Three Earthquakes Shake North Texas

Three earthquakes felt over the weekend

By Reginald Hardwick, Mark Schnyder and Ray Villeda
|  Monday, Oct 1, 2012  |  Updated 10:51 AM CDT
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Thousands felt ground shake for 20 seconds southeast of DFW International Airport. Another earthquake at Loop 12 near I-30.

Ray Villeda, NBC 5 News

Thousands felt ground shake for 20 seconds southeast of DFW International Airport. Another earthquake at Loop 12 near I-30.

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Two Earthquakes Rattle North Texas

Thousands felt ground shake for 20 seconds southeast of DFW International Airport. Another earthquake at Loop 12 near I-30.

Quakes Rattle North Texas Saturday Night

Two earthquakes, both over a 3.0 in magnitude, rattled North Texas late Saturday night.
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Three earthquakes shook North Texas over the weekend.

The U.S. Geological Survey confirms a magnitude 2.1 earthquake occurred Sunday at 10:41:09 p.m. The epicenter was located at 32.841°N, 96.930°W, southeast of Las Colinas Country Club along Carl Road and north of state Highway 183.  There have been no reports of injuries or damage from the quake.

Sunday night's earthquake shook North Texas less than 24 hours after two other quakes were felt in the Metroplex.

The U.S. Geological Survey confirms a magnitude 3.4 earthquake occurred Saturday at 11:05:01 p.m., southwest of Las Colinas Country Club near North McArthur Boulevard and West Rochelle Road. That quake was followed by a magnitude 3.1 earthquake at 11:09:03 p.m at Loop 12/Walton Walker Boulevard, north of Interstate 30 in far West Dallas.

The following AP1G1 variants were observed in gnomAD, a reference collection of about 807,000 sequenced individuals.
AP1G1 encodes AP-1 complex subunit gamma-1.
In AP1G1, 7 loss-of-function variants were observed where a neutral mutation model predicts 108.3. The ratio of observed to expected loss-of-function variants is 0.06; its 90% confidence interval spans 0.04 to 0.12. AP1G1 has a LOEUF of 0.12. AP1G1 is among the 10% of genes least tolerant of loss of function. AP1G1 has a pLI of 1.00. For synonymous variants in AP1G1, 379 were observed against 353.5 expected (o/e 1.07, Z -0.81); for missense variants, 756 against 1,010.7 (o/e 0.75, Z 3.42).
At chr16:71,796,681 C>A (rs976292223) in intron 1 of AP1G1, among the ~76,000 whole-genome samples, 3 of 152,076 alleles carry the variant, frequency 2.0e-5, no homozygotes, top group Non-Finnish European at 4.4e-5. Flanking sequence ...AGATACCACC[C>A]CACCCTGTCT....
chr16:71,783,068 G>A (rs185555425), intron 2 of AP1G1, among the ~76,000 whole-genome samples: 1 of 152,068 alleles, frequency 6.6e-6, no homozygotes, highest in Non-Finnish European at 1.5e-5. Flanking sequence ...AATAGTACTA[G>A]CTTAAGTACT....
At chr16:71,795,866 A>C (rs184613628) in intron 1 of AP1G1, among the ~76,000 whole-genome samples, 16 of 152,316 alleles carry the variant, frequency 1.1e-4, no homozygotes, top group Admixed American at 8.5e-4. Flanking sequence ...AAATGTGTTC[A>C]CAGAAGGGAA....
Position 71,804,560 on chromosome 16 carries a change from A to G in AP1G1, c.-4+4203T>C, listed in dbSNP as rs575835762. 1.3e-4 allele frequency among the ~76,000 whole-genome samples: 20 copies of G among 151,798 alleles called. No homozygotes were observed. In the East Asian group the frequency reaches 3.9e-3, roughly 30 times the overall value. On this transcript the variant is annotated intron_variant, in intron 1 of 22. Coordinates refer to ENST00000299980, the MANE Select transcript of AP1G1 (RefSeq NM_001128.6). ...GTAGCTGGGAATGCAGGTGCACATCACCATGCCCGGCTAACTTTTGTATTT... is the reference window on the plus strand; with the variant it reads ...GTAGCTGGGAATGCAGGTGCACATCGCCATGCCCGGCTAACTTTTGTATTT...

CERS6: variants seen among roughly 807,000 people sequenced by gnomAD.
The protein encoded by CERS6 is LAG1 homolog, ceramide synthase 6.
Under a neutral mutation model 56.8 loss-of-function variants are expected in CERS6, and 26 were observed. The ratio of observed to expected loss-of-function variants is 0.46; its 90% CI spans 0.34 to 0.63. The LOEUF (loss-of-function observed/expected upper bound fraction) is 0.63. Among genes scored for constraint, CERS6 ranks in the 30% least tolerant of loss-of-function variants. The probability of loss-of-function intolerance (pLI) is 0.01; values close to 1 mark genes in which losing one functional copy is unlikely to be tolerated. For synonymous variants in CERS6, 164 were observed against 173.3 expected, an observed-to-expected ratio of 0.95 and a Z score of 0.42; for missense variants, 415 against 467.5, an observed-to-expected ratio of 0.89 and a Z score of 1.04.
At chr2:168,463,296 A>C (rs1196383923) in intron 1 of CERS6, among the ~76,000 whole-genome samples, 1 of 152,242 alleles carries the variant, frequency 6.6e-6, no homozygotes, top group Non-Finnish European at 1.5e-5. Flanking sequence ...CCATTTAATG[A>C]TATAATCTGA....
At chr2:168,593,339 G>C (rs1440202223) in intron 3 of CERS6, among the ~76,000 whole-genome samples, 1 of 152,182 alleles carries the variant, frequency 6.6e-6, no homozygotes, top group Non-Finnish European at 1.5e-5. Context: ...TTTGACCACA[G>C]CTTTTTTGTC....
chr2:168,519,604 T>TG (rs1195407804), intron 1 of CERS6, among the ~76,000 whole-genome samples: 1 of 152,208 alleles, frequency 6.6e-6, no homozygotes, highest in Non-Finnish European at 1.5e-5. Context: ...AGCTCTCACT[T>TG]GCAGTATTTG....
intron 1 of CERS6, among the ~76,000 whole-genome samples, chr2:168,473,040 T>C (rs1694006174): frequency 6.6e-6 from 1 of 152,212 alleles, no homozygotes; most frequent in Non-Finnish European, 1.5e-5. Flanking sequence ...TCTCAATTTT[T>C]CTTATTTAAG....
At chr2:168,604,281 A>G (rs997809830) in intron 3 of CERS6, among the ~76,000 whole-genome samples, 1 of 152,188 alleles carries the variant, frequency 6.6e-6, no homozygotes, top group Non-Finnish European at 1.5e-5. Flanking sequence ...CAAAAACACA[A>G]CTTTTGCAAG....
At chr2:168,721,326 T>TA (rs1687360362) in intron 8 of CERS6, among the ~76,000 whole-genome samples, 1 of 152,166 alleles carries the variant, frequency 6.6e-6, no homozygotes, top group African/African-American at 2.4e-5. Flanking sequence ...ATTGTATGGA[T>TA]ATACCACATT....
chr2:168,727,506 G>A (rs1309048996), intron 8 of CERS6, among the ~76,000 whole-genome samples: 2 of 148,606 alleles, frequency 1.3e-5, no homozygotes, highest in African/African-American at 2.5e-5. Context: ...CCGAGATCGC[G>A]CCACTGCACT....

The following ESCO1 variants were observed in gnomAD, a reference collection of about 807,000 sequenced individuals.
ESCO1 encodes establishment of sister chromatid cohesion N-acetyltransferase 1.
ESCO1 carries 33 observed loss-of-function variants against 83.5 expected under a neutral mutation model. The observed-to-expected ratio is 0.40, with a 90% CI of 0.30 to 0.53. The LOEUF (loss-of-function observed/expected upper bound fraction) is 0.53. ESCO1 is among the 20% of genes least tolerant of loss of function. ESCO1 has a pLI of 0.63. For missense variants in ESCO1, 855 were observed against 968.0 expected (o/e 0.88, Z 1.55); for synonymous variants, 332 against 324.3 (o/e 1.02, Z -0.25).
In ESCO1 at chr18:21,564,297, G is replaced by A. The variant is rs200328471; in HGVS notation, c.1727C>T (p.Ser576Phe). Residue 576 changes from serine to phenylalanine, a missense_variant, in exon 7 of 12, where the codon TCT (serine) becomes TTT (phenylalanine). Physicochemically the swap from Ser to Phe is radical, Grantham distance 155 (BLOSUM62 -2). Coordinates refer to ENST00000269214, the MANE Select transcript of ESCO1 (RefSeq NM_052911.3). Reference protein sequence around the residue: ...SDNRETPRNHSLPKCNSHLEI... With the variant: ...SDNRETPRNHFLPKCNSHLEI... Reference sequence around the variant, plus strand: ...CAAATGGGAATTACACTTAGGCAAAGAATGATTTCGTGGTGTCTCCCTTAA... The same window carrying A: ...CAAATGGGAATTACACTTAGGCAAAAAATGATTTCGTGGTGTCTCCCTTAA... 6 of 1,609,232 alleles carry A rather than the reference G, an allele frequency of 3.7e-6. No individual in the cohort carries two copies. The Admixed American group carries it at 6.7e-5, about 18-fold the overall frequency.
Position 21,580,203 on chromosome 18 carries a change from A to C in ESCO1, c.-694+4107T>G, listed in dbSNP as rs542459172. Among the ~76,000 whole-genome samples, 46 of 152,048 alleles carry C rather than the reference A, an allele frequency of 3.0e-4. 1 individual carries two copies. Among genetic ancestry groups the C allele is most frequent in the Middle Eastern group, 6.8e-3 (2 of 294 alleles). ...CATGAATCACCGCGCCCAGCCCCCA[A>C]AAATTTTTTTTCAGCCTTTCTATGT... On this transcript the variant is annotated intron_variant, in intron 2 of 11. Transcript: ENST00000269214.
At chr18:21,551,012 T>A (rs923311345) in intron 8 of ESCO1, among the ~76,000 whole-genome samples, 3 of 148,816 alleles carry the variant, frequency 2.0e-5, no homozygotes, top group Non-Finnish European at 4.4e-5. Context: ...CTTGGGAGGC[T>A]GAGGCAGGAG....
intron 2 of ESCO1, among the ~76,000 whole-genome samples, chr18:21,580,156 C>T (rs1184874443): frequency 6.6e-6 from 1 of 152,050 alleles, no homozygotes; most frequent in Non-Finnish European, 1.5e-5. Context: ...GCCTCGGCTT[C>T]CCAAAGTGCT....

Seismologist and SMU professor Brian Stump said that he doesn’t believe fracking or gas drilling are behind the recent earthquakes in North Texas.

“In [the] central part of the United States, where we’re not in a big plate boundary, there are faults. Those faults ... relieve stress occasionally and I think that’s what happened,” Stump said.

Stump plans to study these quakes further and believes there may be a human connection to the quakes, though he's not exactly sure what it is.

“For one thing it may a sequence of natural events or be related to human activity. We still need to study to quantify the relationship,” Stump said.

The earthquakes felt here are on the smaller scale, Stump adds, and he doesn’t think they are strong enough to cause much damage.

North Texans who spoke with NBC 5 confirmed as much, saying only a few photos were knocked from walls and that their pets seemed mildly agitated at the time of the tremor.

The last North Texas earthquake to get a lot of attention was recorded on July 28, 2012 when a magnitude 2.2 quake was felt in Johnson County. The epicenter of that earthquake was between Cleburne and Burleson.

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